Man Freed After Wrongful Convictions for Baby's Death

A construction laborer who spent nine years in prison — four on death row — was freed Wednesday after a judge ruled that the man's pro bono lawyers in South Texas did a shoddy job defending him.

"An innocent man went to death row because of a complete system failure," says Brian Stull, an American Civil Liberties Union attorney who represented Manuel Velez, 49, in the successful effort to overturn his 2008 murder conviction.

Velez was convicted and sentenced to death for the 2005 beating death of Angel Moreno, the 1-year-old son of a woman Velez was living with in Brownsville, Texas. The prosecution relied heavily on a timeline asserting that the fatal injuries occurred within the two weeks before the child died. Before those two weeks, Velez had been working in Tennessee for several weeks.

The jury never heard about a prosecution expert's report indicating that autopsy results showed that the critical head injury occurred more than two weeks before the child died.

The death sentence was overturned in 2012 in an appeal arguing that a witness on the subject of Velez's future capacity for being dangerous was no longer credible. The conviction stood.

Lawyers for Velez then sought to overturn the conviction on the grounds that his original lawyers, appointed by the court, made mistakes.

At a hearing for a new trial in December 2012, prosecutors argued that those lawyers — Hector Villarreal, who has since died, and Rene Flores — did the best they could and that the standard for good lawyers and top experts was lower in South Texas.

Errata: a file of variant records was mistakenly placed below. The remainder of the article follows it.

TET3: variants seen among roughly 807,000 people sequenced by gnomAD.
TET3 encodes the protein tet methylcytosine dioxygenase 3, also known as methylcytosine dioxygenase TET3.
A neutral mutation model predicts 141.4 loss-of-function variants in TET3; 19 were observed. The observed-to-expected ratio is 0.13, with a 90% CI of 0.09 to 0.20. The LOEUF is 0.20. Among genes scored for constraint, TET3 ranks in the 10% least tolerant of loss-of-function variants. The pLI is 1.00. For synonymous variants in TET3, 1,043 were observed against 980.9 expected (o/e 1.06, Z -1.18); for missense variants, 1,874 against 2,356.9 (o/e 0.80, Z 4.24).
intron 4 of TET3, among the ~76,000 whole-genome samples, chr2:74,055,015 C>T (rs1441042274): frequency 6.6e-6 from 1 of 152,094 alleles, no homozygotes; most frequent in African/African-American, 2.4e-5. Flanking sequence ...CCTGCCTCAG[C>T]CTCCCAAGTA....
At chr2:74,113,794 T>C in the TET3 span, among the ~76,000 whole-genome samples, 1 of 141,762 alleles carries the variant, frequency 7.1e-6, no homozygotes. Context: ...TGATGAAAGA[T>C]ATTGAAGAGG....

The judge hearing the motion for a new trial, Elia Cornejo Lopez, rejected the standards argument, writing that "a (defendant's) life in Cameron County is worth just the same as a life in other parts of the United States."

She granted a new trial. Earlier this year, prosecutors said they would no longer seek the death penalty in the case

The ACLU's Stull said Velez wanted to get out of prison as soon as possible and agreed in August to plead "no contest" to reckless injury of a child, allowing him to go free based on time already served and good behavior.

The case began on Halloween 2005, when Angel Moreno was found not breathing and was rushed to a hospital, where he died two days later, according to court records.

His mother, Acela Moreno, later pleaded guilty to striking her son on Oct. 31, 2005, and served five years of a 10-year sentence. She agreed to testify for the prosecution against Velez but never said she saw him strike her son.

The evidence portion of Velez's trial lasted seven days. In reviewing the record seven years later, Lopez found that Villarreal and Flores did a poor job representing Velez. They offered no medical evidence about the age of the child's injuries and failed to contact a neuropathologist who had examined the brain tissue for prosecution experts.

The neuropathologist concluded in a report that a crucial head injury had clearly occurred two weeks to six months before death.


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